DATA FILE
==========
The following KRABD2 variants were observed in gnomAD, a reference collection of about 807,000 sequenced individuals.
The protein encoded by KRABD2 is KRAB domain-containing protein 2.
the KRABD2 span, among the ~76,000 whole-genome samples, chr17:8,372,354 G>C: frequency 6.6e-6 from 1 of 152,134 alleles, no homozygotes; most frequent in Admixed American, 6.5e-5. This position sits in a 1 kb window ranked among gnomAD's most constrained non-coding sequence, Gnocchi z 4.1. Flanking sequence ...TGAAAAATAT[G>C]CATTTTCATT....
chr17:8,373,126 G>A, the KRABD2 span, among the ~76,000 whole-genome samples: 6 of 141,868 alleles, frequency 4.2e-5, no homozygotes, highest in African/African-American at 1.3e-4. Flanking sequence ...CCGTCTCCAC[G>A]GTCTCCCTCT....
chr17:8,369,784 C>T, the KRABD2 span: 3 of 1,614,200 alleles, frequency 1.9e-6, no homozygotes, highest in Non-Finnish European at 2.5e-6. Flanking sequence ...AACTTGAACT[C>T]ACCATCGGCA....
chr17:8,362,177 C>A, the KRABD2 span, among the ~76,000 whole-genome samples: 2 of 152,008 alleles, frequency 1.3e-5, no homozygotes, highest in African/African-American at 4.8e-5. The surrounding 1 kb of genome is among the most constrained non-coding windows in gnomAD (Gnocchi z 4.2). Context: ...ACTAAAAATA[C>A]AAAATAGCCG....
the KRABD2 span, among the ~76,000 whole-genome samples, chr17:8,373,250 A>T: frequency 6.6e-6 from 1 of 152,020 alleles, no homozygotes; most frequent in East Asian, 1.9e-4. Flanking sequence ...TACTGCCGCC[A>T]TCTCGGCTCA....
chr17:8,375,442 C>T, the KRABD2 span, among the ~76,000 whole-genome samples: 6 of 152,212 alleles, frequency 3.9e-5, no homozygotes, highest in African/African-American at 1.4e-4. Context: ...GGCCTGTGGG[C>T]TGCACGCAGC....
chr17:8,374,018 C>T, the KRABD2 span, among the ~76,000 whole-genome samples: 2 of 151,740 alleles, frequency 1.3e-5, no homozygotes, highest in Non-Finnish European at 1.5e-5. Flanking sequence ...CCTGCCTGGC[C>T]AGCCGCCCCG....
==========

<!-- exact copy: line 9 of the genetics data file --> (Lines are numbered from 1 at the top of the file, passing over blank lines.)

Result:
chr17:8,374,018 C>T, the KRABD2 span, among the ~76,000 whole-genome samples: 2 of 151,740 alleles, frequency 1.3e-5, no homozygotes, highest in Non-Finnish European at 1.5e-5. Flanking sequence ...CCTGCCTGGC[C>T]AGCCGCCCCG....